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#1 PhyerBoss   Members   -  Reputation: 642

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Posted 22 June 2014 - 04:07 AM

I swear I thought I knew the answer to this already. But I just wanted to be sure. And Google failed finding anything on it.

 

So, the question is. If a person willingly submits work to your server/git repo to be used towards your project. Be it art and music. Or code. Does this count as them relinquishing their rights? This became a heated debate with a member of my team. And I for some reason couldnt recall the exact specifics of it.

 

In his case, he's a coder submitting his code to my server's git repo. To be used in my project. Does his rights to that code end the moment the code was uploaded?

 

PS: No, Im not looking to screw him over(getting that out the way). I just want to be sure he cant screw the whole team over by trying to "hold the project up" by having a fit and yanking his work from up under us! Not saying he would. I just want to ensure that its something avoidable.

 

Thank You



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#2 Hodgman   Moderators   -  Reputation: 29684

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Posted 22 June 2014 - 04:51 AM

No.

 

If there was some kind of agreement in place, be it written, oral, or even implicit (unstarted, but obvious), then you can sue each other and ask a court to figure it out.

If no money has changed hands, then it would make it much harder to argue that any rights have changed hands either.

 

If the code in the git repo is already covered by some license, say MIT or GPL, then it could be argued that any contributions to the repo are automatically covered by the same license.

The author retains full copyright and ownership over their creations, but they've permitted others to use their work under the terms of that license.

 

If you have no agreement, no license, and no payments have been made, then the author is almost certainly still the only rights holder.

If there's multiple authors to the work (e.g. a Git repo of lots of code), then this is a huge murky grey area... which is why you want all the contributors to be agreeing to the same license conditions... or you want all contributors to be employees of the same company.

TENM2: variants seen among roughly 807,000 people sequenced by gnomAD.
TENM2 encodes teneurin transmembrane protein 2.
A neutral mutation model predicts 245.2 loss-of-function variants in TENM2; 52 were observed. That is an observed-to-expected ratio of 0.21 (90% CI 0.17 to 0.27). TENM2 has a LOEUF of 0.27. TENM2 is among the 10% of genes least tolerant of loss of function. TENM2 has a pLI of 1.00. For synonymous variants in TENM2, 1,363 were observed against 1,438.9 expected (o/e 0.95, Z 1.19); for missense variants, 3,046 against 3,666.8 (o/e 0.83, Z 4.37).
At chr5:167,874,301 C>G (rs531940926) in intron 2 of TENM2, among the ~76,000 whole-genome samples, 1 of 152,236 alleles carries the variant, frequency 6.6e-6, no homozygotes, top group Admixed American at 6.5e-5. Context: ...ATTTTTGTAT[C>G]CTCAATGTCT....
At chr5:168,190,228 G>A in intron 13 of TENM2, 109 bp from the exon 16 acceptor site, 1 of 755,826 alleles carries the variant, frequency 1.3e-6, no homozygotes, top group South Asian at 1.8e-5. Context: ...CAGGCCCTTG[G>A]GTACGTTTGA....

With no agreement, you have no rights to use their work. It could be argued that by submitting their work to your project, they were agreeing for you to have rights to use them... but do you really want to have to argue that through the legal system if needs be?

* If this is volunteer work: Get some contributors agreements made up, and make your contributors sign them... now.

* If this is paid contract work: Get some decent contracts made up.

** In either of those two cases, they can retain copyright on their work if you/they want, but they should grant you unlimited license (or similar) to their work.

* If this is for full-time work: You're probably covered by employment laws and are ok, but you probably want to ask your lawyer to be sure.

 

A complete and total transfer of copyright (where the author now has no rights, and you own their work completely) often only happens between an employer and their employees. In most other situations, the author retains copyright over their work for life, and they grant other people license to use it (either with certain conditions attached, or "unlimited license", which is almost the same as duplicating the copyright).


Edited by Hodgman, 22 June 2014 - 05:02 AM.


#3 PhyerBoss   Members   -  Reputation: 642

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Posted 22 June 2014 - 12:58 PM

Ok, thanks Hodgeman. I think I know what I need to do next.

 

Im going to go ahead and get contributor agreements whipped up and signed by the team. I still aim to have these guys properly accredited for the work they spent their personal time to contribute. Its just that I always keep drama out of this. And so far I've kept my vow on that. And am just wanting to ensure it stays that way before we get any closer to release time.

 

Really wanna keep down the unwanted "surprises". Thanks again!


Edited by PhyerBoss, 22 June 2014 - 12:58 PM.





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